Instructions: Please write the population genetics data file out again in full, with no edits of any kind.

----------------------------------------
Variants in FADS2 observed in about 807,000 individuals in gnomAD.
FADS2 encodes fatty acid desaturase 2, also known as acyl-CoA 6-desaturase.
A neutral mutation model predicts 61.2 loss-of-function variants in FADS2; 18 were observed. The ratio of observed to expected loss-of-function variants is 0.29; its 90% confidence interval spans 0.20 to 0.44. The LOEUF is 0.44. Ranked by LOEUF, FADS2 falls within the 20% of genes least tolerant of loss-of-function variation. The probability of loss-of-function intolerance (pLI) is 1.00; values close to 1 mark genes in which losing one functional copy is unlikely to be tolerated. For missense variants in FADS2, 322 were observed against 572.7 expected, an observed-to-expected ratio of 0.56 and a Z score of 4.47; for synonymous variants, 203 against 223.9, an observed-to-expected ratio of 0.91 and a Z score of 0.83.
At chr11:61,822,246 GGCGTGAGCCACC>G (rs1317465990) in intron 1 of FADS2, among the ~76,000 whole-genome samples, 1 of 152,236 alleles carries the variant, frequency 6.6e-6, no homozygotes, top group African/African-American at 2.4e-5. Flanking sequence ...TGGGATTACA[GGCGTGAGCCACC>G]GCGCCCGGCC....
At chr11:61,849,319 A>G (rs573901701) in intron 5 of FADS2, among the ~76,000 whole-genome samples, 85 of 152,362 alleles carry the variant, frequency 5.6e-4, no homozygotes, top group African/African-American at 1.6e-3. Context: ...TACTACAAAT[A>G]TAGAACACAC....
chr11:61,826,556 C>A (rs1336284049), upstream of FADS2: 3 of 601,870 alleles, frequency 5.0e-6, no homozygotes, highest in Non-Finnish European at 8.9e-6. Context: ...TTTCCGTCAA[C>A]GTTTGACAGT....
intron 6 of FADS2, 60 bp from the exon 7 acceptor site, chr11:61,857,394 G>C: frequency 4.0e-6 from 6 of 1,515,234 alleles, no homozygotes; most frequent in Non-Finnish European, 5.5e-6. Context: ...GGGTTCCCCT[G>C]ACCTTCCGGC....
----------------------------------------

Variants in FADS2 observed in about 807,000 individuals in gnomAD.
FADS2 encodes fatty acid desaturase 2, also known as acyl-CoA 6-desaturase.
A neutral mutation model predicts 61.2 loss-of-function variants in FADS2; 18 were observed. The ratio of observed to expected loss-of-function variants is 0.29; its 90% confidence interval spans 0.20 to 0.44. The LOEUF is 0.44. Ranked by LOEUF, FADS2 falls within the 20% of genes least tolerant of loss-of-function variation. The probability of loss-of-function intolerance (pLI) is 1.00; values close to 1 mark genes in which losing one functional copy is unlikely to be tolerated. For missense variants in FADS2, 322 were observed against 572.7 expected, an observed-to-expected ratio of 0.56 and a Z score of 4.47; for synonymous variants, 203 against 223.9, an observed-to-expected ratio of 0.91 and a Z score of 0.83.
At chr11:61,822,246 GGCGTGAGCCACC>G (rs1317465990) in intron 1 of FADS2, among the ~76,000 whole-genome samples, 1 of 152,236 alleles carries the variant, frequency 6.6e-6, no homozygotes, top group African/African-American at 2.4e-5. Flanking sequence ...TGGGATTACA[GGCGTGAGCCACC>G]GCGCCCGGCC....
At chr11:61,849,319 A>G (rs573901701) in intron 5 of FADS2, among the ~76,000 whole-genome samples, 85 of 152,362 alleles carry the variant, frequency 5.6e-4, no homozygotes, top group African/African-American at 1.6e-3. Context: ...TACTACAAAT[A>G]TAGAACACAC....
chr11:61,826,556 C>A (rs1336284049), upstream of FADS2: 3 of 601,870 alleles, frequency 5.0e-6, no homozygotes, highest in Non-Finnish European at 8.9e-6. Context: ...TTTCCGTCAA[C>A]GTTTGACAGT....
intron 6 of FADS2, 60 bp from the exon 7 acceptor site, chr11:61,857,394 G>C: frequency 4.0e-6 from 6 of 1,515,234 alleles, no homozygotes; most frequent in Non-Finnish European, 5.5e-6. Context: ...GGGTTCCCCT[G>C]ACCTTCCGGC....